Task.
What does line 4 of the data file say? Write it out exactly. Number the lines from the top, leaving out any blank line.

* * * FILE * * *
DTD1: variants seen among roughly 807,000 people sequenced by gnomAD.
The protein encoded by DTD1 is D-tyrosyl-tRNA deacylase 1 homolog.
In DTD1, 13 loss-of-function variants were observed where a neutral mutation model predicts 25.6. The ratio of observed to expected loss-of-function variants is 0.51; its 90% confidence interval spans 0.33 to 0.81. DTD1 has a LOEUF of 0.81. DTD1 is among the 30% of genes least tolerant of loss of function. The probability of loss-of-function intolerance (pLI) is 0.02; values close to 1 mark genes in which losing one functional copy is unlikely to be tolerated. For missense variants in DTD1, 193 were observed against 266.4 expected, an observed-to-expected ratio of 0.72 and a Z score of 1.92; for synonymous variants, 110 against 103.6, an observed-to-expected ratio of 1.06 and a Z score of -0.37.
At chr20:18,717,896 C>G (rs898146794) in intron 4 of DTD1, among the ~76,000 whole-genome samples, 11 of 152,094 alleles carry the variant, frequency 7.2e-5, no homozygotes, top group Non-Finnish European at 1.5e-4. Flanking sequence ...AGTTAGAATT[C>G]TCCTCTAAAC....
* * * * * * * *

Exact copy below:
At chr20:18,717,896 C>G (rs898146794) in intron 4 of DTD1, among the ~76,000 whole-genome samples, 11 of 152,094 alleles carry the variant, frequency 7.2e-5, no homozygotes, top group Non-Finnish European at 1.5e-4. Flanking sequence ...AGTTAGAATT[C>G]TCCTCTAAAC....